- Research article
- Open Access
Population genetic structure in Sabatieria (Nematoda) reveals intermediary gene flow and admixture between distant cold seeps from the Mediterranean Sea
© The Author(s). 2017
- Received: 26 January 2017
- Accepted: 21 June 2017
- Published: 1 July 2017
There is a general lack of information on the dispersal and genetic structuring for populations of small-sized deep-water taxa, including free-living nematodes which inhabit and dominate the seafloor sediments. This is also true for unique and scattered deep-sea habitats such as cold seeps. Given the limited dispersal capacity of marine nematodes, genetic differentiation between such geographically isolated habitat patches is expected to be high. Against this background, we examined genetic variation in both mitochondrial (COI) and nuclear (18S and 28S ribosomal) DNA markers of 333 individuals of the genus Sabatieria, abundantly present in reduced cold-seep sediments. Samples originated from four Eastern Mediterranean cold seeps, separated by hundreds of kilometers, and one seep in the Southeast Atlantic.
Individuals from the Mediterranean and Atlantic were divided into two separate but closely-related species clades. Within the Eastern Mediterranean, all specimens belonged to a single species, but with a strong population genetic structure (ΦST = 0.149). The haplotype network of COI contained 19 haplotypes with the most abundant haplotype (52% of the specimens) shared between all four seeps. The number of private haplotypes was high (15), but the number of mutations between haplotypes was low (1–8). These results indicate intermediary gene flow among the Mediterranean Sabatieria populations with no evidence of long-term barriers to gene flow.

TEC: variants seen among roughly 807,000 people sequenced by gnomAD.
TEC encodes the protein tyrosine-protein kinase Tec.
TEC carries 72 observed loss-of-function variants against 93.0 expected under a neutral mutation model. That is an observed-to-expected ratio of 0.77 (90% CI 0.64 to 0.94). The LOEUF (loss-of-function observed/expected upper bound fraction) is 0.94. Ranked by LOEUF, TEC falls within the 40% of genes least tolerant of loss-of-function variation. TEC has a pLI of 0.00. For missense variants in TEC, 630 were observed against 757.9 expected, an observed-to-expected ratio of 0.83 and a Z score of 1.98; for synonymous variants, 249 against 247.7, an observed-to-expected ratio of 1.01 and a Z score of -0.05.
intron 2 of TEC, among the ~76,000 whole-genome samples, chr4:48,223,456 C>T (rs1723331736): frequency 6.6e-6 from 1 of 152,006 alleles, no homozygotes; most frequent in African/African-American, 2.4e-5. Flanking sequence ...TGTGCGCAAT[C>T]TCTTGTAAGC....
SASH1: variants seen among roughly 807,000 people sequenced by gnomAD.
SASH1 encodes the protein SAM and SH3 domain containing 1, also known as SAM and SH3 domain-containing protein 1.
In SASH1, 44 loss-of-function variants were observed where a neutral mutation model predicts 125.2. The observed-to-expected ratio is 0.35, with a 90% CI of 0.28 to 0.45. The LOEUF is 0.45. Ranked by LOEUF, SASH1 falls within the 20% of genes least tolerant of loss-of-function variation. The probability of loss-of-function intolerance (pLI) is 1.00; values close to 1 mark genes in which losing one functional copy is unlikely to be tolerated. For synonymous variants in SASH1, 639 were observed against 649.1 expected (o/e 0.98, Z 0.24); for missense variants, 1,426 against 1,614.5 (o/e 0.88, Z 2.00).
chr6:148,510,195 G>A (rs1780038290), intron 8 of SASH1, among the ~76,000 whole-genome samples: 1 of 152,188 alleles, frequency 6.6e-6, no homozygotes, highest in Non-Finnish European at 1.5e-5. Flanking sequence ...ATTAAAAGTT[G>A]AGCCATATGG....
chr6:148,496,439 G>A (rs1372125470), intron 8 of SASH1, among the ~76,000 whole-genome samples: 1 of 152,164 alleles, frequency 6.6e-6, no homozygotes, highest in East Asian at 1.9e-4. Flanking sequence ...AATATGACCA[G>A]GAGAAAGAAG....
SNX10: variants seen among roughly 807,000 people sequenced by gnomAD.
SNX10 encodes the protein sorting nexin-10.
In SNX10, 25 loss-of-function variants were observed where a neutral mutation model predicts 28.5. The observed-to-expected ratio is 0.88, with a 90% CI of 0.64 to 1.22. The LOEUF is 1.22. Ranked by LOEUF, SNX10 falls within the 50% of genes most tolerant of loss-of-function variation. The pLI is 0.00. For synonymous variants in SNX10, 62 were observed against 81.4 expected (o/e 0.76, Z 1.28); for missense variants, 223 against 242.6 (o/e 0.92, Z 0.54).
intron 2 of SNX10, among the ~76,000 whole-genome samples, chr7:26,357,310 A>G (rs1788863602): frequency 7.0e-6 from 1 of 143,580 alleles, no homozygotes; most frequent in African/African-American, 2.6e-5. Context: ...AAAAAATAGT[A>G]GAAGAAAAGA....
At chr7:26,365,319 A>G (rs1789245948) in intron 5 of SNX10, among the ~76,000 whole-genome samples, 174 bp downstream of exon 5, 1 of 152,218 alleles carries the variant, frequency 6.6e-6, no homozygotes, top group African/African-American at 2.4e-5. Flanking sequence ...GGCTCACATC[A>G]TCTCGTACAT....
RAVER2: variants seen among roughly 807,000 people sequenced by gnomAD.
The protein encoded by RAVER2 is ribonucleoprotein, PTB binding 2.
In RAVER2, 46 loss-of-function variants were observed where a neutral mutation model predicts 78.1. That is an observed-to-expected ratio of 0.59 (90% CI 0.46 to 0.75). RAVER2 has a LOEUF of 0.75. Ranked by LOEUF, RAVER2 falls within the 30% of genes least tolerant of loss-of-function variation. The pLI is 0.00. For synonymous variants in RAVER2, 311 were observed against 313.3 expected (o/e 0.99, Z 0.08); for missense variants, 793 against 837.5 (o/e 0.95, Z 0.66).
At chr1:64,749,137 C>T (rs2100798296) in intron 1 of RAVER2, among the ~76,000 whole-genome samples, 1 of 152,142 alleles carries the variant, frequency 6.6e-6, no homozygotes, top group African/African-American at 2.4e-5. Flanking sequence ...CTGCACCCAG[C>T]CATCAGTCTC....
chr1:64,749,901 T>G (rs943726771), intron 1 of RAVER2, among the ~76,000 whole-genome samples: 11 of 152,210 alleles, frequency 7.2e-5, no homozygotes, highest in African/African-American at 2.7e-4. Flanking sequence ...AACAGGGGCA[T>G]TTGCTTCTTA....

The presence of shared haplotypes and multiple admixture events indicate that Sabatieria populations from disjunct cold seeps are not completely isolated, with gene flow most likely facilitated through water current transportation of individuals and/or eggs. Genetic structure and molecular diversity indices are comparable to those of epiphytic shallow-water marine nematodes, while no evidence of sympatric cryptic species was found for the cold-seep Sabatieria.
The deep sea is one of the largest ecosystems on earth, covering two-thirds of the planet and containing a substantial proportion of the earth’s biodiversity. This ecosystem has long been considered a vast and continuous environment with stable biotic, physicochemical and hydrographical conditions  which enabled widespread distribution of several deep-sea invertebrate species . However, the deep-sea bottom is also characterized by the presence of fragmented and strongly differentiated ecosystems such as seamounts, trenches, hydrothermal vents and cold seeps (e.g., ). The deep sea supports a highly diverse and endemic benthic invertebrate fauna (e.g., [4, 5]). Additionally, molecular evidence suggests the presence of cryptic species complexes (genetically distinct but morphologically identical species; see [4, 6, 7]) of which some are found to be widespread [4, 7, 8] while others appear to be geographically restricted .